Manuscript on finest torinoko paper of the author’s “Shugyokushu” [“The Collection of Gathered Jewels”], written throughout in one fine hand. JIEN.

“Gotoba Thought Him Equal to Any Poet Alive”

Manuscript on finest torinoko paper of the author’s “Shugyokushu” [“The Collection of Gathered Jewels”], written throughout in one fine hand.

1 blank leaf, [44] text leaves, 3 blank leaves; 1 blank leaf, [46] text leaves, 2 blank leaves; 1 blank leaf, [43] leaves, [1] p. of text, [3] blank pp.; 1 blank leaf, [69] leaves, [1] p. of text, [3] blank pp.; 1 blank leaf, [77] text leaves, 2 blank leaves; 1 blank leaf, [52] text leaves, one blank leaf; 1 blank leaf, [52] text leaves, 3 blank leaves. Seven vols. 4to (233 x 168 mm.), orig. semi-stiff dark indigo-dyed wrappers (a few minor defects), bound Tetsuyoso-style, each cover beautifully painted with different scenes of watery landscapes adorned with flowers, grasses, bushes, & trees, using kindei (“golden mud”), & golden speckles, clouds, & sprays of mist, finely textured gold endpapers in each vol., gold paper labels on upper cover of each vol. with manuscript titles. [Japan]: final page of final volume: “1594.”

A very beautifully executed manuscript of the poems of Jien (1155-1225); our seven volumes are written throughout in one skilled hand on the finest torinoko (a smooth, faintly yellow-brown paper), made from highest quality gampi, closely textured, heavy, and strong. The wrappers are dyed in dark indigo, and the front and back of each is painted in gold with the most beautiful landscapes. This is a manuscript of considerable artistry.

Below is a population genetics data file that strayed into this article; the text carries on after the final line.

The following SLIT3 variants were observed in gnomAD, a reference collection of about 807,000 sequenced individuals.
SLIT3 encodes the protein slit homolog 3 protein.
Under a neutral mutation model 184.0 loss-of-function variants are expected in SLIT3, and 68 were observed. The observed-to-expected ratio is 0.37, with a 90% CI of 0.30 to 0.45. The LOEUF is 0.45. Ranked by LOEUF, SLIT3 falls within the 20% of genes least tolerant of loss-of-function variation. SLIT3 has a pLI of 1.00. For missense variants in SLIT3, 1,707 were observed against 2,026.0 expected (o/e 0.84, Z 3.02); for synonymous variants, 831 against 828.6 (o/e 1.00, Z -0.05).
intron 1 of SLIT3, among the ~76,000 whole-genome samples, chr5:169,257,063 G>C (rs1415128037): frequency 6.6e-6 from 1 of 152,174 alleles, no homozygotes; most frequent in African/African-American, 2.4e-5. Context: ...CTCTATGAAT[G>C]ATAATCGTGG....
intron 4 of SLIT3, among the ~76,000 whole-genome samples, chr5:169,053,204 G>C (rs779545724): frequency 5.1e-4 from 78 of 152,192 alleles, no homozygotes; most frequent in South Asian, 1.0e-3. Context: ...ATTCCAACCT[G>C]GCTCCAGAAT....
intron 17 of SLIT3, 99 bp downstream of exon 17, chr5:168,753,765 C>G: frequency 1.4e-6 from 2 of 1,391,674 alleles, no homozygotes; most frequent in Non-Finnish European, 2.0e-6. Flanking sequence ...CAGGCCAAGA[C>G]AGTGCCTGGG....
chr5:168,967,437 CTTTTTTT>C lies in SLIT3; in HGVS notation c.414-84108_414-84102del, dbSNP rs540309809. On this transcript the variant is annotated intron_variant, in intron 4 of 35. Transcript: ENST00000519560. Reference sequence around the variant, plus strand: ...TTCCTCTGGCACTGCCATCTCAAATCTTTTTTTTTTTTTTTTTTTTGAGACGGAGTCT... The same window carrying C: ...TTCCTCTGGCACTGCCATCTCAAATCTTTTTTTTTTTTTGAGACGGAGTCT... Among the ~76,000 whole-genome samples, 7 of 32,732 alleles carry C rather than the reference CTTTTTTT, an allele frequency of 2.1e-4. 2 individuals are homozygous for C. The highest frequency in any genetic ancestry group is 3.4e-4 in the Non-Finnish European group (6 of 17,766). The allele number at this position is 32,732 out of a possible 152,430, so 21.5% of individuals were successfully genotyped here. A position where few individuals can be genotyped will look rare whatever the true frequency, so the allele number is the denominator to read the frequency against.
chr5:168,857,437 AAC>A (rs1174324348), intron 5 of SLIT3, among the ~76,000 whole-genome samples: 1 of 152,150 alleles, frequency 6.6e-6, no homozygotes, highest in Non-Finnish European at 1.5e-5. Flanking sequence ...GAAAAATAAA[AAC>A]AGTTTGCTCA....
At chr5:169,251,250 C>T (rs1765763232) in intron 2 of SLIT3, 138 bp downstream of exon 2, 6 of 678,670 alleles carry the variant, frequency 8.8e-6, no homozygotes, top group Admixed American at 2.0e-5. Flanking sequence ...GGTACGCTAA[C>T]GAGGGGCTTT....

Jien (1155-1225), was an “early Kamakura waka poet, ecclesiastical figure, historian. A son of a noble family of very high rank, he was studious and earnest from his youth. By thirty-seven, partly by reason of his family connections, partly for his attainments, he was head priest of Tendai Buddhism and later became archbishop (daisojo). His literary interests led him to join the innovating poets surrounding the venerable Fujiwara Shunzei…He composed a substantial number of poems. His personal collection, the Shugyokushu (The Collection of Gathered Jewels, 1236 and later versions) is an ample collection, and after Saigyo he has the most poems in the Shinkokinshu (92)…

“Gotoba thought him equal to any poet alive. That judgement has not stood the text of time. But he was a fine, representative poet, and at times he rises high…His name lives on for his religious service, and for some few excellent poems.”–Miner et al., The Princeton Companion to Classical Japanese Literature, p. 171.

These manuscript volumes are housed in a superb lacquer box adorned with maki-e motifs on top and sides and using a background of nashiji, with the title “Shugyokushu.” The metalwork on each side holding the cord in place has a three-leaf device.

In very fine condition. Vol. 5 has some minor worming, and several leaves are somewhat wrinkled. One leaf has a 60 mm. clean tear touching text in Vol. 6.

Price: $19,500.00

Item ID: 7360

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